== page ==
Bangai Cardinalfish (Pterapogon kauderni)

From The Aquarium Wiki
(Redirected from Kaudern's Cardinalfish)
Jump to: navigation, search

Bangai Cardinalfish

Bangaicardinal.jpg
Bangai Cardinalfish

Pterapogon kauderni

Easy

sg

1.020 - 1.025

pH

8.1 - 8.4

[[Minimum temperature::25 °TEMPLATE:UNITS-TEMP| ]] [[Maximum temperature::28 °TEMPLATE:UNITS-TEMP| ]]

8-12 °d

1:1 M:F

Carnivore
Live Foods
Other (See article)

5-6 years

Family

Apogonidae

This animal is available captive bred



[[Category:]]

Additional names

Bangai Cardinal, Banggai Cardinalfish, Bangaii Cardinal, Longfin Cardinalfish, Kaudern's Cardinalfish


Origin

Endangered in the wild apparently restricted to Banggai Islands, Indonesia in the Western Central Pacific Ocean.[1]

Sexing

Males have a more angular head with an extended second dorsal fin, whereas the female has a more rounded head with a shorter dorsal fin, they can however look very similar to the untrained eye.

Breeding

They will breed readily in captivity, they are mouthbrooders, the male holds the eggs. After 18-21 days the eggs hatch, the male releases fully developed fish on day 21 to 24.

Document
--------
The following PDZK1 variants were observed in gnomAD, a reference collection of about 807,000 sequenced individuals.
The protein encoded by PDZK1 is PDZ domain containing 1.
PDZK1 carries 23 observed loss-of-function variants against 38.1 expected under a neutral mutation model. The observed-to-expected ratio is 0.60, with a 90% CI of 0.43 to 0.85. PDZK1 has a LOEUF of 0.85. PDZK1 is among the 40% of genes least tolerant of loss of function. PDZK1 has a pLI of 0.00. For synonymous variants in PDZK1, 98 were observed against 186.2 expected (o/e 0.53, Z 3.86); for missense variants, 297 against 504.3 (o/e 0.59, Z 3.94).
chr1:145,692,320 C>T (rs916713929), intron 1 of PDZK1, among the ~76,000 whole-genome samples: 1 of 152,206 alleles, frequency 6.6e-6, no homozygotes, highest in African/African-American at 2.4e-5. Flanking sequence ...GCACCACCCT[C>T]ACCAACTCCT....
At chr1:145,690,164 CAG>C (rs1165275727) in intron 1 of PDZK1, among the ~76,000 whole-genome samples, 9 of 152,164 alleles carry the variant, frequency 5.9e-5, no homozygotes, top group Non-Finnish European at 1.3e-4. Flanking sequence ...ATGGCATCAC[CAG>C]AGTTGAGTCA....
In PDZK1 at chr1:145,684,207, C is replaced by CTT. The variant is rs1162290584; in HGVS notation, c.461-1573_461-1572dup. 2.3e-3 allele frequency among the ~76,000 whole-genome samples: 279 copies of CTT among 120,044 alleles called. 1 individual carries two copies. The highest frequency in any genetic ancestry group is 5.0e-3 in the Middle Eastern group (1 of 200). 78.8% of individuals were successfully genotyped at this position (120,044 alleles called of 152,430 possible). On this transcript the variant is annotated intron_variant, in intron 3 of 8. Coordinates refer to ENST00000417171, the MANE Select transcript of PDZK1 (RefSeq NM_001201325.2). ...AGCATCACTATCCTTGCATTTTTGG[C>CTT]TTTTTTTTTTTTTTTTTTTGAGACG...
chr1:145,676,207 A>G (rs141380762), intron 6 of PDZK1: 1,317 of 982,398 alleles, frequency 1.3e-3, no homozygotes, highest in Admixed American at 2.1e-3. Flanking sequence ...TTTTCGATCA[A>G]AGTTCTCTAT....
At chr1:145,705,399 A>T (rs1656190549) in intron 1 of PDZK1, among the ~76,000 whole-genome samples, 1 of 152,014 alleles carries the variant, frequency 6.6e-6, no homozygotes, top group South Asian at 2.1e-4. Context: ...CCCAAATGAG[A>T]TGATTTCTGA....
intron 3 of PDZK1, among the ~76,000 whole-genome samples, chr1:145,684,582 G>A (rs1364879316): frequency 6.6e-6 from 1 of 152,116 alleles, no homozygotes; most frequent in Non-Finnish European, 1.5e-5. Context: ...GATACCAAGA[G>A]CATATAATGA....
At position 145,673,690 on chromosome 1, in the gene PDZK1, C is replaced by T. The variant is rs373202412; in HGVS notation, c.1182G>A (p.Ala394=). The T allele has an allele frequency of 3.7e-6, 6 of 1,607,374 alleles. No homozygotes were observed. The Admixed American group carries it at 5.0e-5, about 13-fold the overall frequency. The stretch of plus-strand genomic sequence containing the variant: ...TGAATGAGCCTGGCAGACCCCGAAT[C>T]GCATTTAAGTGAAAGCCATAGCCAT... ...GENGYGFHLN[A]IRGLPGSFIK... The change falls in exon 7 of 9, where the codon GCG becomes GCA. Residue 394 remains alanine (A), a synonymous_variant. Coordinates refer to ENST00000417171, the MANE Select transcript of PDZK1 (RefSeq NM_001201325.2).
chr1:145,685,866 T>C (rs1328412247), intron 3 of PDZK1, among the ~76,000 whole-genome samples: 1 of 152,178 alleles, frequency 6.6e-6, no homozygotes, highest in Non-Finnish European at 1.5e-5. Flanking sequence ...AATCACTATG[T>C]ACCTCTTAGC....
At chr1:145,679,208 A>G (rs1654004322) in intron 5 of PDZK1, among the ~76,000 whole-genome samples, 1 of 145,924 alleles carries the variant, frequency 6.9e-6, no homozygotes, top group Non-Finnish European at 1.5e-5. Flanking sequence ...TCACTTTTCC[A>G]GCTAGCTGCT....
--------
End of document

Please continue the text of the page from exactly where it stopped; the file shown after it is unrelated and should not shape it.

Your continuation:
Tank compatibility

A good beginner reef fish, hardy but can be territorial to other Bangai's or fish similar in shape to them. Best to keep a pair, or a larger group.

Diet

Will take most foods including bloodworms, feeder shrimp and marine flesh.

Feeding regime

Twice a day.

Environment Specifics

An Indonesian fish which is threatened due to over collection. Also appreciates spacious tank with places to hide and swim.

Behaviour

Not a very active fish, will often hang in one place, move, and hang about some more.

Identification

Very distinctive fish. Iridescent white-silver base colour with three vertical black stripes down the flanks extending into the fins. Elongated tail, with white spots on all fins and flanks.

Special Note

This fish has now been listed as threatened/endangered in the wild. Please ensure, if you are considering buying this fish, that the specimen has been captive bred and not wild caught. This species is well-known as a profuse spawner in captivity, with the male mouthbrooding the eggs. If the female is overly amorous the male will starve because he will not eat when mouthbrooding; if such a situation arises, separate the male until he is revitalised, and ready to handle another mouthbrooding.

Pictures

Videos

References

  1. Fishbase (Mirrors: Icons-flag-us.png) Distribution

External links